We were also there in the winter and had great fun sledging down the main street, which was quite steep, on home made sledges with the locals.

I have got some photos somewhere, I must dig them out.

Trader,
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  #24  
Old 21st January 2008, 21:22
shipsivanhoe shipsivanhoe is offline  
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i sailed on the cairngorm 1973.we picked up pulp from salsbruket then discharged it in ancona.the cairngorm was a new ship and the crew were great as were the people of salsbruket.
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  #25  
Old 21st January 2008, 21:31
lakercapt lakercapt is offline  
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Alas time has taken its toll and all those small Norwegian ports that we visited in Robbies have escaped me and I can't recall their names. Many just had the mill. Worst was when we loaded for Ancona in Italy as that usually was a 14 day run. Be sitting down some evening and they will spring to mind. One that does come is Mo-I-Rana.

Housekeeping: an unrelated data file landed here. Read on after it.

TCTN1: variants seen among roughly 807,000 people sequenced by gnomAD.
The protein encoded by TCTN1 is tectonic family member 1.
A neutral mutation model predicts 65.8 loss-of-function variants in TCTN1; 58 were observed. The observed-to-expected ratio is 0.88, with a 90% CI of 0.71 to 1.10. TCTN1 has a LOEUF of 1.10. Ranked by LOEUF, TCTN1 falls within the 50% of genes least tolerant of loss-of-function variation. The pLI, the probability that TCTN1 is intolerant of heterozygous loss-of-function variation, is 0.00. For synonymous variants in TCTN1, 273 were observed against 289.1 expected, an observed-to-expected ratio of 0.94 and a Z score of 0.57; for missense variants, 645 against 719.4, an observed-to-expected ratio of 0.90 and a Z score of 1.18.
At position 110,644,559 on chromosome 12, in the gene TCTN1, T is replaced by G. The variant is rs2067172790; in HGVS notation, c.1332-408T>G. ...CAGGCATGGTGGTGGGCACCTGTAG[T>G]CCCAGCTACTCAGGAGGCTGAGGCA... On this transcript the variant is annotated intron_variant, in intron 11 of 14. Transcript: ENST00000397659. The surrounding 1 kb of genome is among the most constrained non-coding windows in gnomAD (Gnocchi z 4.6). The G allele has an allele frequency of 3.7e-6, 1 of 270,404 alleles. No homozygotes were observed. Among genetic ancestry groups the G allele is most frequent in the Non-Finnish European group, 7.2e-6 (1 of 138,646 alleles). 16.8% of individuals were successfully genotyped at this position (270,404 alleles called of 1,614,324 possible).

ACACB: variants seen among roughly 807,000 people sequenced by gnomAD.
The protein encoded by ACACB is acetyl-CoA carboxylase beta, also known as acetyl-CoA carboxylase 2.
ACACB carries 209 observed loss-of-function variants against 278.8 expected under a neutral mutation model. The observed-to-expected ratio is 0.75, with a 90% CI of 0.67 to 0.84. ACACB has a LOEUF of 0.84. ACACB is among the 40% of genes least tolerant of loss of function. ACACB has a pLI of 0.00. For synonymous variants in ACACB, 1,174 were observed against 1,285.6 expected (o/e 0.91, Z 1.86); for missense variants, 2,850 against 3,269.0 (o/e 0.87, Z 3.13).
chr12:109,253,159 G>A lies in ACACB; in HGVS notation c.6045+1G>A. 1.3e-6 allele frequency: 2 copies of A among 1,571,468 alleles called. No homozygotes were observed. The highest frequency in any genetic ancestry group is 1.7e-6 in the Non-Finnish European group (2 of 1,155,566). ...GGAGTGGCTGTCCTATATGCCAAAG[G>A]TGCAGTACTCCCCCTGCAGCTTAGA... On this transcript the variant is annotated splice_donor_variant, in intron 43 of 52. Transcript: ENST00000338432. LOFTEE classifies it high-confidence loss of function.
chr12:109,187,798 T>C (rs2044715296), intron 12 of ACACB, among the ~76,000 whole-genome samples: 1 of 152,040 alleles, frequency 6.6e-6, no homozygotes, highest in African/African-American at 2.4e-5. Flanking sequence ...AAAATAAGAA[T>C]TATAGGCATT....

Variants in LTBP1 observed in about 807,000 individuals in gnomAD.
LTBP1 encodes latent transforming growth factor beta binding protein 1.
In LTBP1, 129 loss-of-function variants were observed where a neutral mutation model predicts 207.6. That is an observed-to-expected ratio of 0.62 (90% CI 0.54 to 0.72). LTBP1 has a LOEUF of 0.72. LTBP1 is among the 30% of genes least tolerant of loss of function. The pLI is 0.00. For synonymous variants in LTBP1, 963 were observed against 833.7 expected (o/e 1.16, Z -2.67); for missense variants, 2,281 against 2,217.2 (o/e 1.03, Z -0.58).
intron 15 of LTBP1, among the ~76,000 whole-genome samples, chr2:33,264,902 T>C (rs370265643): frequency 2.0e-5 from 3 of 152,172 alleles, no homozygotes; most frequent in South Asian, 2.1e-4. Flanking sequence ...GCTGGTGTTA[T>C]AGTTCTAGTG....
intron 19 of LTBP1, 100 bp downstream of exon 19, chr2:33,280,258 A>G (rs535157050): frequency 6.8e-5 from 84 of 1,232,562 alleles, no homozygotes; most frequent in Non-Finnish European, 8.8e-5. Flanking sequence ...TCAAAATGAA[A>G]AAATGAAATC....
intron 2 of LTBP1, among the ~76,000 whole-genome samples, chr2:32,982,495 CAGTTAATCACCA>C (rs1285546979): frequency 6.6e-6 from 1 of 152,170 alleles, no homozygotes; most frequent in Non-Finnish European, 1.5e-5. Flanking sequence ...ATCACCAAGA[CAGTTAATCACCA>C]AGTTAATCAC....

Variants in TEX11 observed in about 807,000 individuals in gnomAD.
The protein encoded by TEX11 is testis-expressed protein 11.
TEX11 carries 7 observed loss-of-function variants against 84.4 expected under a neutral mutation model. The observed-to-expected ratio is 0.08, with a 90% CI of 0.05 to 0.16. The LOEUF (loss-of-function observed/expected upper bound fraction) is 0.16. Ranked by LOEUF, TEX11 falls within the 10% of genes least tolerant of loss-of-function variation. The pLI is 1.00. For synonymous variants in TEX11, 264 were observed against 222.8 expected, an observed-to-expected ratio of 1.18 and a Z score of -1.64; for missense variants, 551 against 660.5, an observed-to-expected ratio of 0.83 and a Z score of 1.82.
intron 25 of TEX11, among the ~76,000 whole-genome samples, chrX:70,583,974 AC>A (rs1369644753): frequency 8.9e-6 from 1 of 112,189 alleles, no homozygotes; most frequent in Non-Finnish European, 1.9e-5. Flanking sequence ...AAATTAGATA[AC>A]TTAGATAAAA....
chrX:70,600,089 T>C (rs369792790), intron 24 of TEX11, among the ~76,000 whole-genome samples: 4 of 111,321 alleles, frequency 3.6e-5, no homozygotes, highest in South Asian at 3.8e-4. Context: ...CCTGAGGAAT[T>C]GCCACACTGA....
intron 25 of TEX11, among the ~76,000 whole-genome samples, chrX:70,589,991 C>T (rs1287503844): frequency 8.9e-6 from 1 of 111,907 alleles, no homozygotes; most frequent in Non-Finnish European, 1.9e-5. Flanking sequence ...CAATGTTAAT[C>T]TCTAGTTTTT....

Remember the runs you mentioned and one of my favourites places was Odda.
Good for business too as we used to buy Vodka in Poland and hide unill we got to Norway, very profitable.
If not we would buy it in a UK Tesco store. Remember buying two cases and the lady asking if I wanted the "Green Shield" stamps. No give it to the woman behind us. She was thrilled as there seemed to be reems of them spewed out from the cash register.
Summer time in the north was daylight 24 hours and your body did not know what was going on. Conversely in the winter it was nearly dark all the time.
Understand why booze was so popular!!!
I looked on our atlas but it is not large enough to have many places on it.
Biil R